While recent attention has focused on a misunderstanding of the role of a Commissioner for Democracy, the Rule of Law and Human Rights that the EPG has also recommended, very important recommendations on the development issues faced by developing countries have received little attention.
There are two reasons for this. First, so far, it has been decided not to release the EPG report publicly before the Heads of Government of the 53-nation Commonwealth meet in Australia from 28 to 30 October. Consequently, details of the report are known only to specific government departments in Commonwealth countries. This absence of comprehensive information has led to misinterpretations. Second, a handful of government representatives have chosen to focus on the Commissioner for Democracy, the Rule of Law, and Human Rights wrongly suggesting that the holder of the post will be a “policeman” playing a “punitive role”. In fact, the post is meant to be co-operative and to be used as a tool to remedy situations before they escalate to serious or persistent violations of Commonwealth values.
There is a precedent for the EPG report to be released publicly before the Heads of Government meeting. When the first EPG report was delivered to the Commonwealth Secretary-General twenty-five years ago, it was published four months ahead of the Summit meeting, allowing for a full discourse throughout the Commonwealth on its findings about Apartheid in South Africa. At the time, there may have been governments that would have preferred the report not to be made public, but in the end it was released in the interest of transparency. There is little doubt that public discussion of that report in the Commonwealth and beyond helped to mobilize strong sentiment against the Apartheid regime in South Africa.
On September 29, the Commonwealth Secretary-General, Kamalesh Sharma, making a “statement of results” of his stewardship of the Commonwealth in his first term, said of the EPG: “It is encouraging to me that the cymbaltasupports.com Group has proposed a range of recommendations, and that they have paid close attention to the need for balance between the democracy, development and diversity pillars around which our association is built”.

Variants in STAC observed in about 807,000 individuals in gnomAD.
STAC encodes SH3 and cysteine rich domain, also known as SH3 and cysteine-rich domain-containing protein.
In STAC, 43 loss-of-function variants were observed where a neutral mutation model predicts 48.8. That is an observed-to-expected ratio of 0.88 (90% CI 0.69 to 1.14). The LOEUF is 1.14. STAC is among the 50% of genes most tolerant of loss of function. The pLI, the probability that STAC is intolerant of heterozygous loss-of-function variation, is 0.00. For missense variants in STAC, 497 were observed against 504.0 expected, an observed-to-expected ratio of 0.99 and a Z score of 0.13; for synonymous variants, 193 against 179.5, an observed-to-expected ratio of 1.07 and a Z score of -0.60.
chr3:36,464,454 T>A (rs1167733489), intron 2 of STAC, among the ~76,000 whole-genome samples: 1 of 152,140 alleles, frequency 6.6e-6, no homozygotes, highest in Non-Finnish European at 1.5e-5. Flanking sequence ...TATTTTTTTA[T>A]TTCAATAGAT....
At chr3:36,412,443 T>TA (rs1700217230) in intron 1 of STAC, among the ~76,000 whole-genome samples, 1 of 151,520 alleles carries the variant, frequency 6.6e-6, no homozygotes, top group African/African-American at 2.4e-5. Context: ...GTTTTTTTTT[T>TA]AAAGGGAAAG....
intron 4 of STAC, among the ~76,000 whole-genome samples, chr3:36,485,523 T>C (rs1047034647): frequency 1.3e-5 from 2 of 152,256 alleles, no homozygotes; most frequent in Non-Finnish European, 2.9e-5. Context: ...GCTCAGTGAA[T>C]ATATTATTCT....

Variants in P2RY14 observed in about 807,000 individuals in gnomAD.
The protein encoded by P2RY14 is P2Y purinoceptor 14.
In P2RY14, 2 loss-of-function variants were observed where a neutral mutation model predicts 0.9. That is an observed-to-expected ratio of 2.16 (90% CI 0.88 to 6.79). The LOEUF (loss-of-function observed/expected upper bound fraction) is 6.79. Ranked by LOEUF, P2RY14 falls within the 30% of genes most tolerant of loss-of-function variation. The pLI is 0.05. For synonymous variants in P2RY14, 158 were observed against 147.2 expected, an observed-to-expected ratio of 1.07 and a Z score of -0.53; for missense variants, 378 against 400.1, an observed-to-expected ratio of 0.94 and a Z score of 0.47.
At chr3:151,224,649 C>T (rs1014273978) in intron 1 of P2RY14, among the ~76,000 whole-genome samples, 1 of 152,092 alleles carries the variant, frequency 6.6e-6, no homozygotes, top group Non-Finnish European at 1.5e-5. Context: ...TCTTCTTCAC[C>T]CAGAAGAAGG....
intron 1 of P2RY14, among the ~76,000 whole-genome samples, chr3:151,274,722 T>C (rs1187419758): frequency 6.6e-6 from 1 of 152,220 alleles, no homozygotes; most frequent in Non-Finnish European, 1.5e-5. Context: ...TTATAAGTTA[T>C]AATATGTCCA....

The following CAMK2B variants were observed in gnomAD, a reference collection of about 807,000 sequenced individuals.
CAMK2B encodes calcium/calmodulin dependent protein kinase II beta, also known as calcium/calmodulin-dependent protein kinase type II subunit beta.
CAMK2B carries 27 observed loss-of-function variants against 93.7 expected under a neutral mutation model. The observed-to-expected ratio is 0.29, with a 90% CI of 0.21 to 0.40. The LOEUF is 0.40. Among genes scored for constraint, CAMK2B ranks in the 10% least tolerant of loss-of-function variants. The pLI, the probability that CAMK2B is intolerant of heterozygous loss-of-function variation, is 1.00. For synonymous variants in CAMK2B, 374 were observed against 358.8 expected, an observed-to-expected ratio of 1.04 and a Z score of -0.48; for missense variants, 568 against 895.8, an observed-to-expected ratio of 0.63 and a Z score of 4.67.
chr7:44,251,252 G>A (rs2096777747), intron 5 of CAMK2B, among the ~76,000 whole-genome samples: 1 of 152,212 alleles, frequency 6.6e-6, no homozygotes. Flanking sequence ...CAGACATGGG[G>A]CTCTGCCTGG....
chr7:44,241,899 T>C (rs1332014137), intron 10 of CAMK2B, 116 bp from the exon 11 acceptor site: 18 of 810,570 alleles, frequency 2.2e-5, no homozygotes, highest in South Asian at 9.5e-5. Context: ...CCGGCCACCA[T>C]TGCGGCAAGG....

The Secretary-General summed up succinctly what the EPG did in its report. A total of 106 recommendations were made. The recommendation on the appointment of a Commissioner for Democracy, the Rule of Law and Human Rights, while very important, is only one of those recommendations.
The EPG was very conscious of the enormous financial constraints now being faced by every Commonwealth country without exception. The Group was acutely aware that this is not the time to ask governments to put up more money to implement all the recommendations in its report. For this very good reason, while the Group fulfilled its mandate to recommend urgent reforms that would make the Commonwealth “relevant to its times and its people”, as it was requested to do, no new funding was proposed. Instead, the EPG called for the retirement of some programmes in which the Commonwealth has no comparative advantage, which are duplicative of the work of other agencies, and which have displayed no particular benefit. It was calculated that, if these programmes are retired, the Commonwealth’s existing budget should allow all of the EPG’s recommendations for reform to be implemented over a phased period.